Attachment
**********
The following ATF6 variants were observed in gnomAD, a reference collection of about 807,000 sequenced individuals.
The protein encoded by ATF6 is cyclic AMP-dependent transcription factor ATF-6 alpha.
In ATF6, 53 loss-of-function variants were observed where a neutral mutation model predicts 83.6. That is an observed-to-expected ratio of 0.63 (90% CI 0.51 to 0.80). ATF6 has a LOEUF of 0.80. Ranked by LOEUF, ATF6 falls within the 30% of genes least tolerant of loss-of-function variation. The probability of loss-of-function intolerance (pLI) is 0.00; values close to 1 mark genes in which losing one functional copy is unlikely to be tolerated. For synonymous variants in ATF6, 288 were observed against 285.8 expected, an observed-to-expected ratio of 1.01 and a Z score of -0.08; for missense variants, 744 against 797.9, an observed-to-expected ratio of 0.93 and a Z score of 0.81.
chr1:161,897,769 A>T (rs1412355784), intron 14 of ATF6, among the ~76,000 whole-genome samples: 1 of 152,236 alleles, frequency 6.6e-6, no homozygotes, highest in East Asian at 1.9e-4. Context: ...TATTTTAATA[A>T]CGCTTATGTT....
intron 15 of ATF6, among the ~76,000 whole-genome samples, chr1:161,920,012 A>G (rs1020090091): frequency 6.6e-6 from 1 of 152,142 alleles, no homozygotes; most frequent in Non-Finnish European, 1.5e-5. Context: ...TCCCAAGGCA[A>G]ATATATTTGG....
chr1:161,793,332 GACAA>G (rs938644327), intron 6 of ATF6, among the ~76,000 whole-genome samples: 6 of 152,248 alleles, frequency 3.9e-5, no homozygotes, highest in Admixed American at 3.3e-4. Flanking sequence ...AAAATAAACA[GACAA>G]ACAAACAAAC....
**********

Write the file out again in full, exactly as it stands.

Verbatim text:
The following ATF6 variants were observed in gnomAD, a reference collection of about 807,000 sequenced individuals.
The protein encoded by ATF6 is cyclic AMP-dependent transcription factor ATF-6 alpha.
In ATF6, 53 loss-of-function variants were observed where a neutral mutation model predicts 83.6. That is an observed-to-expected ratio of 0.63 (90% CI 0.51 to 0.80). ATF6 has a LOEUF of 0.80. Ranked by LOEUF, ATF6 falls within the 30% of genes least tolerant of loss-of-function variation. The probability of loss-of-function intolerance (pLI) is 0.00; values close to 1 mark genes in which losing one functional copy is unlikely to be tolerated. For synonymous variants in ATF6, 288 were observed against 285.8 expected, an observed-to-expected ratio of 1.01 and a Z score of -0.08; for missense variants, 744 against 797.9, an observed-to-expected ratio of 0.93 and a Z score of 0.81.
chr1:161,897,769 A>T (rs1412355784), intron 14 of ATF6, among the ~76,000 whole-genome samples: 1 of 152,236 alleles, frequency 6.6e-6, no homozygotes, highest in East Asian at 1.9e-4. Context: ...TATTTTAATA[A>T]CGCTTATGTT....
intron 15 of ATF6, among the ~76,000 whole-genome samples, chr1:161,920,012 A>G (rs1020090091): frequency 6.6e-6 from 1 of 152,142 alleles, no homozygotes; most frequent in Non-Finnish European, 1.5e-5. Context: ...TCCCAAGGCA[A>G]ATATATTTGG....
chr1:161,793,332 GACAA>G (rs938644327), intron 6 of ATF6, among the ~76,000 whole-genome samples: 6 of 152,248 alleles, frequency 3.9e-5, no homozygotes, highest in Admixed American at 3.3e-4. Flanking sequence ...AAAATAAACA[GACAA>G]ACAAACAAAC....